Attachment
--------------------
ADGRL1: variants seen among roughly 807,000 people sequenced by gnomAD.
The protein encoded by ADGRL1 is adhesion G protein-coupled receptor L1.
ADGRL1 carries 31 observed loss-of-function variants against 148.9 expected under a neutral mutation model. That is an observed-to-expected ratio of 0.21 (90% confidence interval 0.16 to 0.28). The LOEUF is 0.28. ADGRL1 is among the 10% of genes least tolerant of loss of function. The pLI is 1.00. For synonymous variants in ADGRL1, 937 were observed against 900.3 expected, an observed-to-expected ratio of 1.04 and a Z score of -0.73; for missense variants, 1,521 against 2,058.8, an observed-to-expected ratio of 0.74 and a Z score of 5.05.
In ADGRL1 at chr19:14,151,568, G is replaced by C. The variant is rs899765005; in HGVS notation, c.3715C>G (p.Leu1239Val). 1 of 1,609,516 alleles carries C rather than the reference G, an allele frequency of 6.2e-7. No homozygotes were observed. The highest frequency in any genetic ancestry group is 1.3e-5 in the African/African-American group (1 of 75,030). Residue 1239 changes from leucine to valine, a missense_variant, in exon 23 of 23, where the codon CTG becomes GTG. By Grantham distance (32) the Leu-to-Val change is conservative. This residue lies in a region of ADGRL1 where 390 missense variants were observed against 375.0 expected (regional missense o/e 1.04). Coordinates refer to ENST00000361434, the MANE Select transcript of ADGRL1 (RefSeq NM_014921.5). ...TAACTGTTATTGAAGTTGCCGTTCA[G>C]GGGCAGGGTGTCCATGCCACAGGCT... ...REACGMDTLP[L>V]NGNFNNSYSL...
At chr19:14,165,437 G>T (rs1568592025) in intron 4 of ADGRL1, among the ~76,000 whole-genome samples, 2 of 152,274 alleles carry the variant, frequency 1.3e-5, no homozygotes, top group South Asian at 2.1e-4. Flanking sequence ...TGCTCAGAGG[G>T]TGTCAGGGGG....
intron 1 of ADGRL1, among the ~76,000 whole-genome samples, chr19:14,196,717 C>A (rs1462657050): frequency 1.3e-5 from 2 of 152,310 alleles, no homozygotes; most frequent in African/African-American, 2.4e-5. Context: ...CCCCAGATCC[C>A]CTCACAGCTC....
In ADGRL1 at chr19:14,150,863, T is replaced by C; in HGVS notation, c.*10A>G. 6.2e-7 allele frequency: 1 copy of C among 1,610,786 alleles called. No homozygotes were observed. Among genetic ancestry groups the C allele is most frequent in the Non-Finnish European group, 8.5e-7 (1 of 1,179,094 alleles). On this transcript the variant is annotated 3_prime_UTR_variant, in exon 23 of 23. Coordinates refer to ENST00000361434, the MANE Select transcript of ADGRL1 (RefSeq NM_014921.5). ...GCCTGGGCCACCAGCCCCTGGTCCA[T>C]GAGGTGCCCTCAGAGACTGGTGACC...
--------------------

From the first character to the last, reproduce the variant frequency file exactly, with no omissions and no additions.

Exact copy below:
ADGRL1: variants seen among roughly 807,000 people sequenced by gnomAD.
The protein encoded by ADGRL1 is adhesion G protein-coupled receptor L1.
ADGRL1 carries 31 observed loss-of-function variants against 148.9 expected under a neutral mutation model. That is an observed-to-expected ratio of 0.21 (90% confidence interval 0.16 to 0.28). The LOEUF is 0.28. ADGRL1 is among the 10% of genes least tolerant of loss of function. The pLI is 1.00. For synonymous variants in ADGRL1, 937 were observed against 900.3 expected, an observed-to-expected ratio of 1.04 and a Z score of -0.73; for missense variants, 1,521 against 2,058.8, an observed-to-expected ratio of 0.74 and a Z score of 5.05.
In ADGRL1 at chr19:14,151,568, G is replaced by C. The variant is rs899765005; in HGVS notation, c.3715C>G (p.Leu1239Val). 1 of 1,609,516 alleles carries C rather than the reference G, an allele frequency of 6.2e-7. No homozygotes were observed. The highest frequency in any genetic ancestry group is 1.3e-5 in the African/African-American group (1 of 75,030). Residue 1239 changes from leucine to valine, a missense_variant, in exon 23 of 23, where the codon CTG becomes GTG. By Grantham distance (32) the Leu-to-Val change is conservative. This residue lies in a region of ADGRL1 where 390 missense variants were observed against 375.0 expected (regional missense o/e 1.04). Coordinates refer to ENST00000361434, the MANE Select transcript of ADGRL1 (RefSeq NM_014921.5). ...TAACTGTTATTGAAGTTGCCGTTCA[G>C]GGGCAGGGTGTCCATGCCACAGGCT... ...REACGMDTLP[L>V]NGNFNNSYSL...
At chr19:14,165,437 G>T (rs1568592025) in intron 4 of ADGRL1, among the ~76,000 whole-genome samples, 2 of 152,274 alleles carry the variant, frequency 1.3e-5, no homozygotes, top group South Asian at 2.1e-4. Flanking sequence ...TGCTCAGAGG[G>T]TGTCAGGGGG....
intron 1 of ADGRL1, among the ~76,000 whole-genome samples, chr19:14,196,717 C>A (rs1462657050): frequency 1.3e-5 from 2 of 152,310 alleles, no homozygotes; most frequent in African/African-American, 2.4e-5. Context: ...CCCCAGATCC[C>A]CTCACAGCTC....
In ADGRL1 at chr19:14,150,863, T is replaced by C; in HGVS notation, c.*10A>G. 6.2e-7 allele frequency: 1 copy of C among 1,610,786 alleles called. No homozygotes were observed. Among genetic ancestry groups the C allele is most frequent in the Non-Finnish European group, 8.5e-7 (1 of 1,179,094 alleles). On this transcript the variant is annotated 3_prime_UTR_variant, in exon 23 of 23. Coordinates refer to ENST00000361434, the MANE Select transcript of ADGRL1 (RefSeq NM_014921.5). ...GCCTGGGCCACCAGCCCCTGGTCCA[T>C]GAGGTGCCCTCAGAGACTGGTGACC...